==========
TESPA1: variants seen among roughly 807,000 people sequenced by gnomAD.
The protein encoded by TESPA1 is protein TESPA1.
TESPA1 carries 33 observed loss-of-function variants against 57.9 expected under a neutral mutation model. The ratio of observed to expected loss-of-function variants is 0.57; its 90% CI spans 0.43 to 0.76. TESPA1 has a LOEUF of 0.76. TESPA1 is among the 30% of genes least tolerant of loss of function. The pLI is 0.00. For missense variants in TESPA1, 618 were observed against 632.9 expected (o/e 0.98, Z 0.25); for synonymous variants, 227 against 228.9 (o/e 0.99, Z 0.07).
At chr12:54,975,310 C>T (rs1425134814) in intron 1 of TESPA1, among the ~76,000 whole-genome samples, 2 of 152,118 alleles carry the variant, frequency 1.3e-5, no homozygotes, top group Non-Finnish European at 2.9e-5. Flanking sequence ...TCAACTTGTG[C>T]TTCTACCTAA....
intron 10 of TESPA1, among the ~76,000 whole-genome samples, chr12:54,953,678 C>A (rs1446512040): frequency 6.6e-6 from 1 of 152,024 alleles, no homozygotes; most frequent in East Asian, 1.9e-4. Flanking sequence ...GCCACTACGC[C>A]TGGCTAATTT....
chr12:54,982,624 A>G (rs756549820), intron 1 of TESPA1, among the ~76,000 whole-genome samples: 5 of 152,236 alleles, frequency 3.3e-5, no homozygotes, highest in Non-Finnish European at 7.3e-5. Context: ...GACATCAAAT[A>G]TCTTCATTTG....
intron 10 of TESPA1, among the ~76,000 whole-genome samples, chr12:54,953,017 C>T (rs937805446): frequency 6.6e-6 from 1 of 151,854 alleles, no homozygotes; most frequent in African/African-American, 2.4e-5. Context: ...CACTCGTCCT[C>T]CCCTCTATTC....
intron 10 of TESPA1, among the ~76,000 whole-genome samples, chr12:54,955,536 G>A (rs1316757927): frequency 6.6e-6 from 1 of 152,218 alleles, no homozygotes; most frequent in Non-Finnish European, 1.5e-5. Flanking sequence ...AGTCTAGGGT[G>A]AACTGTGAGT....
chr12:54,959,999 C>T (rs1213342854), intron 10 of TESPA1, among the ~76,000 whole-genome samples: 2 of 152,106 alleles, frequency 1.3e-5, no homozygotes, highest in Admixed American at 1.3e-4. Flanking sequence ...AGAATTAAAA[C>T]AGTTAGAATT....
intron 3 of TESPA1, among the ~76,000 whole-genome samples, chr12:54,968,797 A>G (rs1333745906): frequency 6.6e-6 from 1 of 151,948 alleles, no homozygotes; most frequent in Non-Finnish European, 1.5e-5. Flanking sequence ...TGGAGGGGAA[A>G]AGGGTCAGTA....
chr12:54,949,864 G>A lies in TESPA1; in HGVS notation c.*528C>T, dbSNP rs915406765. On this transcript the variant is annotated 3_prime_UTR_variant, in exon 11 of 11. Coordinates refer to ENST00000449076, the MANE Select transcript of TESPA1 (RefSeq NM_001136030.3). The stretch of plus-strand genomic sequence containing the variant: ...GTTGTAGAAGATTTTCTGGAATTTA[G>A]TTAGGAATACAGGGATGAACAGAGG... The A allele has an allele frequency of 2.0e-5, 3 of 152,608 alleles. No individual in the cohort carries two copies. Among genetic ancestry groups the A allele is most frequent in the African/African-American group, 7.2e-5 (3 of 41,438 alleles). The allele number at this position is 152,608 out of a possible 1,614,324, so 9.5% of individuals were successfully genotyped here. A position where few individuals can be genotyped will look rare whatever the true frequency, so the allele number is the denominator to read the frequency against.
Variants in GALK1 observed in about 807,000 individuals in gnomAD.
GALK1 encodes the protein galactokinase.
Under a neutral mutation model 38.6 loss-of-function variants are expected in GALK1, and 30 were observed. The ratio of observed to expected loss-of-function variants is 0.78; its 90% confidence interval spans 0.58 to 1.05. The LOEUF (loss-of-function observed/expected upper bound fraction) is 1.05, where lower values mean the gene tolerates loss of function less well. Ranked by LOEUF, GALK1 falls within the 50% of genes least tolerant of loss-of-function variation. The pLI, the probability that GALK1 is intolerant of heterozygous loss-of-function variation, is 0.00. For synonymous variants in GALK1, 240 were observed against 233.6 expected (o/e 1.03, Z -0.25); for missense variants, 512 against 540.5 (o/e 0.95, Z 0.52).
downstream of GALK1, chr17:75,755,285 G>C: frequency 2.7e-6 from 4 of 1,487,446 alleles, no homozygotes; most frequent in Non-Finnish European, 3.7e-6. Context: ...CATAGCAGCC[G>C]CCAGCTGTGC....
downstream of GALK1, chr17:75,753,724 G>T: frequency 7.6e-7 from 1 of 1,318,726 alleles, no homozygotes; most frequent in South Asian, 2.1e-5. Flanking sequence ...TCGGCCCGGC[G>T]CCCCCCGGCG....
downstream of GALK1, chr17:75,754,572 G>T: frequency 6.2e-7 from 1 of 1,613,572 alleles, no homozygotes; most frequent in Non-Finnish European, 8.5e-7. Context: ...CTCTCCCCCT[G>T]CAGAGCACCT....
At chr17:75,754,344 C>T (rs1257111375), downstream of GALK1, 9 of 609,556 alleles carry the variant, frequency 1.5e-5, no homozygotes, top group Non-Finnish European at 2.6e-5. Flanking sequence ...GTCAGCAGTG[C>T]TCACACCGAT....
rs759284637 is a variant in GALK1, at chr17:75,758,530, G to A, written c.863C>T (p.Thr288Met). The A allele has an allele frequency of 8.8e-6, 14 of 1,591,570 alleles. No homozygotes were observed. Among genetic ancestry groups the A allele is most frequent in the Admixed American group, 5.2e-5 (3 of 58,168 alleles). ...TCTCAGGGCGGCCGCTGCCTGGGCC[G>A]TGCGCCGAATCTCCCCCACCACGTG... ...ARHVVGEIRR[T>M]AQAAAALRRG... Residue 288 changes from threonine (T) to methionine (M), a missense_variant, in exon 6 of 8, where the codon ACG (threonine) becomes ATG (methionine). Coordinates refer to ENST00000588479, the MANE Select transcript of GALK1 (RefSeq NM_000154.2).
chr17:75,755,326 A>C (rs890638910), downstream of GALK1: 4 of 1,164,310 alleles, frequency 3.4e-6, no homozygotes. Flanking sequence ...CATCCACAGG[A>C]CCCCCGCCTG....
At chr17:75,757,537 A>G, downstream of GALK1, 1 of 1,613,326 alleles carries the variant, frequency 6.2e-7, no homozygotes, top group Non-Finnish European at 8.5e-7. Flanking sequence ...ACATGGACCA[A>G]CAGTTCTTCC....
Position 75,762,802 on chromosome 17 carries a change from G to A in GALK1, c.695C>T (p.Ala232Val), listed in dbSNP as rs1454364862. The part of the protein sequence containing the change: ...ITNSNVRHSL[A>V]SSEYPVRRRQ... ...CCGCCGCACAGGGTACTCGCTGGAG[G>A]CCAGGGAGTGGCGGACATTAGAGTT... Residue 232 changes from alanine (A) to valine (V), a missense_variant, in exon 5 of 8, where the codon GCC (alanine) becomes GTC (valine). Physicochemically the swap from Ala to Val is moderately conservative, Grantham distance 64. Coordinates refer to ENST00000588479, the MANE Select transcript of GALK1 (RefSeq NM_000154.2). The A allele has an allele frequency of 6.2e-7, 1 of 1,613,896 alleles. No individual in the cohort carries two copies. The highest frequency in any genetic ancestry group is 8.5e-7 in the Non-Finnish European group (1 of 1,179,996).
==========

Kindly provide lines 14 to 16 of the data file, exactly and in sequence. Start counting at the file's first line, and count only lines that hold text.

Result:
Under a neutral mutation model 38.6 loss-of-function variants are expected in GALK1, and 30 were observed. The ratio of observed to expected loss-of-function variants is 0.78; its 90% confidence interval spans 0.58 to 1.05. The LOEUF (loss-of-function observed/expected upper bound fraction) is 1.05, where lower values mean the gene tolerates loss of function less well. Ranked by LOEUF, GALK1 falls within the 50% of genes least tolerant of loss-of-function variation. The pLI, the probability that GALK1 is intolerant of heterozygous loss-of-function variation, is 0.00. For synonymous variants in GALK1, 240 were observed against 233.6 expected (o/e 1.03, Z -0.25); for missense variants, 512 against 540.5 (o/e 0.95, Z 0.52).
downstream of GALK1, chr17:75,755,285 G>C: frequency 2.7e-6 from 4 of 1,487,446 alleles, no homozygotes; most frequent in Non-Finnish European, 3.7e-6. Context: ...CATAGCAGCC[G>C]CCAGCTGTGC....
downstream of GALK1, chr17:75,753,724 G>T: frequency 7.6e-7 from 1 of 1,318,726 alleles, no homozygotes; most frequent in South Asian, 2.1e-5. Flanking sequence ...TCGGCCCGGC[G>T]CCCCCCGGCG....